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In bash I have a string variable tempvar, which is created thus:

tempvar=`grep -n 'Mesh Tally' ${meshtalfile}`

meshtalfile is a (large) input file which contains some header lines and a number of blocks of data lines, each marked by a beginning line which is searched for in the grep above.

In the case at hand, the variable tempvar contains the following string:

5: Mesh Tally Number 4 977236: Mesh Tally Number 14 1954467: Mesh Tally Number 24 4354479: Mesh Tally Number 34

I now wish to extract the line number relating to a particularly mesh tally number - so I define a variable meshnum1 as equal to 24, and run the following sed command:

echo ${tempvar} | sed -r "s/^.*([0-9][0-9]*):\sMesh\sTally\sNumber\s${meshnum1}.*$/\1/"

This is where things go wrong. I expect the output 1954467, but instead I get 7. Trying with number 34 instead returns 9 instead of 4354479. It seems that sed is returning only the last digit of the number - which surely violates the principle of greedy matching? And oddly, when I move the open parenthesis ( left a couple of characters to include .*, it returns the whole line up to and including the single character it was previously returning. Surely it cannot be greedy in one situation and antigreedy in another? Hopefully I have just done something stupid with the syntax...

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There's a * missing in that sed. Don't know how that happened - I cut'n'pasted the whole line. Very strange. Should read: echo ${tempvar} | sed -r "s/^.*([0-9][0-9]*):\sMesh\sTally\sNumber\s${meshnum1}.*$/\1/" –  user1706022 Sep 28 '12 at 11:04
    
You might want to edit your answer to prefix the "code" or "command" lines by four spaces, this changes the formatting. Because posts use mark-up, "normal" text (ie. not code for example) treats special characters for special functions, for example the * can be used to make text italic or used twice to make it bold. I think there is a help in the post edit box =) –  Janito Vaqueiro Ferreira Filho Sep 28 '12 at 11:18

3 Answers 3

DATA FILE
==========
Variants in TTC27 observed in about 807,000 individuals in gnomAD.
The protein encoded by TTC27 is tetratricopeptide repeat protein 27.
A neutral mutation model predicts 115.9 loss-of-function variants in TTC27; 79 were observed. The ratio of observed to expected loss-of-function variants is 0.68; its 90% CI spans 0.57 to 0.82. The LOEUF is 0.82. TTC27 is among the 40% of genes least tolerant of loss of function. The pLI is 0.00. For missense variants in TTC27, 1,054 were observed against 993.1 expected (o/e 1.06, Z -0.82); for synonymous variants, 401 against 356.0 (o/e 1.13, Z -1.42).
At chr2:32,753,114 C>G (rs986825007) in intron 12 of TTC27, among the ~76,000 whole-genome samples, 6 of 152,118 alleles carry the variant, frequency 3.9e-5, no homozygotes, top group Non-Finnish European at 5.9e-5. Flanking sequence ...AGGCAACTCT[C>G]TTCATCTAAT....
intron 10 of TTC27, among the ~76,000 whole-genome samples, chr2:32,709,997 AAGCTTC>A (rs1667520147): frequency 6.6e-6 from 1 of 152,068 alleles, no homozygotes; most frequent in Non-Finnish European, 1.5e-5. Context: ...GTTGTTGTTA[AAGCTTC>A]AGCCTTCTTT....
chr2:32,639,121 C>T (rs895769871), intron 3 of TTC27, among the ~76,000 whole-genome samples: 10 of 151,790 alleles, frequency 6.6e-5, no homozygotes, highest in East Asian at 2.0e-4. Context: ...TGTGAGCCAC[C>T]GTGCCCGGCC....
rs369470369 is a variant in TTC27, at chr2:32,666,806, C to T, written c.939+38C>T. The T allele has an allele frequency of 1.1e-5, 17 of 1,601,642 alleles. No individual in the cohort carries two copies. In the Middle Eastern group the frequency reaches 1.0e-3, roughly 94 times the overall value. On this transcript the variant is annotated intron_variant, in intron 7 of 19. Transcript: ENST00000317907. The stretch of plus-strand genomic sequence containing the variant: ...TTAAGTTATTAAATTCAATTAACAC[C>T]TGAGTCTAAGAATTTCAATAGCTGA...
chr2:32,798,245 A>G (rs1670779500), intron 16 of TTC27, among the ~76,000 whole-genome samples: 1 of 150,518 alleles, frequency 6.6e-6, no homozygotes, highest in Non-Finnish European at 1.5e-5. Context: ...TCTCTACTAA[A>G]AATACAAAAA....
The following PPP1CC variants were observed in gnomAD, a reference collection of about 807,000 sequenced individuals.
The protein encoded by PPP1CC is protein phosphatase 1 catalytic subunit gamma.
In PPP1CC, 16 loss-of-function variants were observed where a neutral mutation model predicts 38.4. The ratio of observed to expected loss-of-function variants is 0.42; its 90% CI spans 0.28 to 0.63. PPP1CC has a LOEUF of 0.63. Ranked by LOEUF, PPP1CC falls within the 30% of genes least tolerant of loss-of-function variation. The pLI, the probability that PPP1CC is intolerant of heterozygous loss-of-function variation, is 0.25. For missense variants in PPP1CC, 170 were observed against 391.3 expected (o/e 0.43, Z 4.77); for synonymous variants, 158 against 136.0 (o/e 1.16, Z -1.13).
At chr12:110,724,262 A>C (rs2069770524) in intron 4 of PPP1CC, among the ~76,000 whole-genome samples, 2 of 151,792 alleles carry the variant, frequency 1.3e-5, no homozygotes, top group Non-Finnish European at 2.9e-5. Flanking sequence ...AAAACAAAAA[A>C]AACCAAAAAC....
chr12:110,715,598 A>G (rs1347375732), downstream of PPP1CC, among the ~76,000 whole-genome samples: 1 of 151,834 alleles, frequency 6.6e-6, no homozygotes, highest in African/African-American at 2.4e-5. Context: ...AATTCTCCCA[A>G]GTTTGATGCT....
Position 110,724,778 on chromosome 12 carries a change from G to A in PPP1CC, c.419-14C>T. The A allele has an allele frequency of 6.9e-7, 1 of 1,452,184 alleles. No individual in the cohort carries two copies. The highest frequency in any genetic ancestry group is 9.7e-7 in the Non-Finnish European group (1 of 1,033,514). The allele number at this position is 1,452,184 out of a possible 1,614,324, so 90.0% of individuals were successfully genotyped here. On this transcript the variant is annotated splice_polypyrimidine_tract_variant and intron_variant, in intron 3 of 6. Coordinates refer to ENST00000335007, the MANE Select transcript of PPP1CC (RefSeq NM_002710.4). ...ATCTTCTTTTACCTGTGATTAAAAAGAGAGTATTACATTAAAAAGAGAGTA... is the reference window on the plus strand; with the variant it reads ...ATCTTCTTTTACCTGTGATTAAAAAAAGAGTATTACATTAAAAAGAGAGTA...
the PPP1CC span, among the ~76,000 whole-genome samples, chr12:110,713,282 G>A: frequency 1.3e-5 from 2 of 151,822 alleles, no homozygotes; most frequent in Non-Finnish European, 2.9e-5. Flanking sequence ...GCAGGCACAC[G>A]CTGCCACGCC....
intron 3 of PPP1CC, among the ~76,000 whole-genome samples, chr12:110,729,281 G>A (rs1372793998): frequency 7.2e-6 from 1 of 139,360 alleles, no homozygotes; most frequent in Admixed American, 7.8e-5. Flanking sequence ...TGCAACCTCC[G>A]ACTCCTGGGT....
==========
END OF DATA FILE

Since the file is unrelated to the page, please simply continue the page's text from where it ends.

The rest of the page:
up vote 2 down vote accepted

The problem is that the .* is being greedy too, which means that it will get all numbers too. Since you force it to get at least one digit in the [0-9][0-9]* part, the .* before it will be greedy enough to leave only one digit for the expression after it.

A solution could be:

echo ${tempvar} | sed -r "s/^.*\s([0-9][0-9]*):\sMesh\sTally\sNumber\s${meshnum1}.*$/\1/"

Where now the \s between the .* and the [0-9][0-9]* explictly forces there to be a space before the digits you want to match.

Hope this helps =)

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Thanks - with the addition of some dummy text and whitespace to the start of tempvar, this does the job. Cheers! –  user1706022 Sep 28 '12 at 12:07

Are the values in $tempvar supposed to be multiple or a single line? Because if it is a single line, ".*$" should match to the end of line, meaning all the other values too, right?

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I know, sorry, but my rep is not high enough let me comment the question. Can you add this as a comment? I will remove my answer afterwards (if possible) –  Darian Lewin Sep 28 '12 at 11:31

There's no need for sed, here's one way using GNU grep:

echo "$tempvar" | grep -oP "[0-9]+(?=:\sMesh\sTally\sNumber\s${meshnum1}\b)"
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Thanks also. Thought there must be a way to do it with grep, but didn't have the knowledge... –  user1706022 Sep 28 '12 at 12:12

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